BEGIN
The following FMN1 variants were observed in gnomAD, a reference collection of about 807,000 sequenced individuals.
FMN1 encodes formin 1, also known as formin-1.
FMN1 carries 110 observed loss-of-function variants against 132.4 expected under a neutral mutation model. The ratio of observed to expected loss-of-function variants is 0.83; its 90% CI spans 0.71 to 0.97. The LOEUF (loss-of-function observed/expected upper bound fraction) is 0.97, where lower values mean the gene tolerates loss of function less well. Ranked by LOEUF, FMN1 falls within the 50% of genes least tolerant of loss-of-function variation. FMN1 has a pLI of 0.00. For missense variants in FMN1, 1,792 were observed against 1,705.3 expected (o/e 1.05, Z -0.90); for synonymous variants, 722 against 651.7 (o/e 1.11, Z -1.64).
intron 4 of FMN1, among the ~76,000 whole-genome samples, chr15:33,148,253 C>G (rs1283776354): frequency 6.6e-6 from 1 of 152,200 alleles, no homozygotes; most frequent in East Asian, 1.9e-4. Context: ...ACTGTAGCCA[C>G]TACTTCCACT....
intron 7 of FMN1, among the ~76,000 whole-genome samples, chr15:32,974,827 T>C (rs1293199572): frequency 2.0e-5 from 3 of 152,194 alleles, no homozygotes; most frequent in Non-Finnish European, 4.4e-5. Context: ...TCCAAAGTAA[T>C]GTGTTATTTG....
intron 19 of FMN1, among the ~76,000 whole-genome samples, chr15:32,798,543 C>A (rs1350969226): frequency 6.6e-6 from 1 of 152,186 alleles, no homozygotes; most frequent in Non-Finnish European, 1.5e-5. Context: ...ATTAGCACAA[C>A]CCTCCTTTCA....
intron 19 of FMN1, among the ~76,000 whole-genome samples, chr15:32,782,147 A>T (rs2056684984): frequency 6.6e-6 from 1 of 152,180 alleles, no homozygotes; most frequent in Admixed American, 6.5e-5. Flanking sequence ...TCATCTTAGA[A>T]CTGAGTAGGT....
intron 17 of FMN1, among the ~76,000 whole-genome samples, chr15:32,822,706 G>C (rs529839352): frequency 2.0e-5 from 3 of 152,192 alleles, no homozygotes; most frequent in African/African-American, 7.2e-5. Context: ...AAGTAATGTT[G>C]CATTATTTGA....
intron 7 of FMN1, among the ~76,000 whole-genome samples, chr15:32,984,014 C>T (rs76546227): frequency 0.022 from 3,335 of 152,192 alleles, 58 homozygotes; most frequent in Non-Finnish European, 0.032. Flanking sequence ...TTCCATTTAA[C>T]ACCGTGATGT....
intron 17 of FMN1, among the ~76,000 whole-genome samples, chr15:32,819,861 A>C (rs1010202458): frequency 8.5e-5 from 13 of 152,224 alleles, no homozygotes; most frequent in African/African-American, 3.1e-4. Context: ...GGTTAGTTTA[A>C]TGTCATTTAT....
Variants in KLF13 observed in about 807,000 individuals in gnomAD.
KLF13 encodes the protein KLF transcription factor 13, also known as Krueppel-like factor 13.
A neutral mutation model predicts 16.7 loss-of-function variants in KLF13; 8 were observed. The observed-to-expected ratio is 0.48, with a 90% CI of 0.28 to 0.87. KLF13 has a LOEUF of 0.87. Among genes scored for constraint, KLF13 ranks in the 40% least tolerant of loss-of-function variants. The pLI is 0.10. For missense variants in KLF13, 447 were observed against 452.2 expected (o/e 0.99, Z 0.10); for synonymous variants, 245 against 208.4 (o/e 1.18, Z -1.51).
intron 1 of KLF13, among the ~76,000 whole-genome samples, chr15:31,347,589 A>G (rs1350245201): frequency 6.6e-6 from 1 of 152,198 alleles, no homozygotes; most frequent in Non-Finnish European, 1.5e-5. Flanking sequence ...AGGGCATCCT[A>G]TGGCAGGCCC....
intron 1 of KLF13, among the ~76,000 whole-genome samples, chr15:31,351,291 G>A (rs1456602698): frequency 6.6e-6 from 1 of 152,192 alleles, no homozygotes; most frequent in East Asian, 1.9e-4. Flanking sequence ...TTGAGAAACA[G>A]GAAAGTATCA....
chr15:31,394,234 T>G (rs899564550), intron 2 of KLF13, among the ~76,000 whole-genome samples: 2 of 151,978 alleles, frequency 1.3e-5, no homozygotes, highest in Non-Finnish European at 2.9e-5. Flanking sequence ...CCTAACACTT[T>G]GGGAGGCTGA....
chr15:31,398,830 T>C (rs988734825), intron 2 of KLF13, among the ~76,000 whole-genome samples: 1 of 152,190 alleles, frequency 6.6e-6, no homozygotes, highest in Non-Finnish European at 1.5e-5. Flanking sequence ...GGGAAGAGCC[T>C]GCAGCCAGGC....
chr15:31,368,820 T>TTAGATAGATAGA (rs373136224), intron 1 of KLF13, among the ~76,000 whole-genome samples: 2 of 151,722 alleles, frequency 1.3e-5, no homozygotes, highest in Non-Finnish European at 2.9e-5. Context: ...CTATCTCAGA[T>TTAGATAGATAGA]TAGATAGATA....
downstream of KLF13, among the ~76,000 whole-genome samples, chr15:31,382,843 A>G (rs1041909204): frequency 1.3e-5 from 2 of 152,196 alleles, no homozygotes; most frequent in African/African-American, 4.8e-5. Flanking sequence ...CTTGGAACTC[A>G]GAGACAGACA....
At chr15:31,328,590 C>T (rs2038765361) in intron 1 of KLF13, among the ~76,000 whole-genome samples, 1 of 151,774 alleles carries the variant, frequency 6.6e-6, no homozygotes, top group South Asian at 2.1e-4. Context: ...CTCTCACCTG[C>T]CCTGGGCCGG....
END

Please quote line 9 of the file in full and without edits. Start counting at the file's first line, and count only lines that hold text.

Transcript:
intron 7 of FMN1, among the ~76,000 whole-genome samples, chr15:32,984,014 C>T (rs76546227): frequency 0.022 from 3,335 of 152,192 alleles, 58 homozygotes; most frequent in Non-Finnish European, 0.032. Flanking sequence ...TTCCATTTAA[C>T]ACCGTGATGT....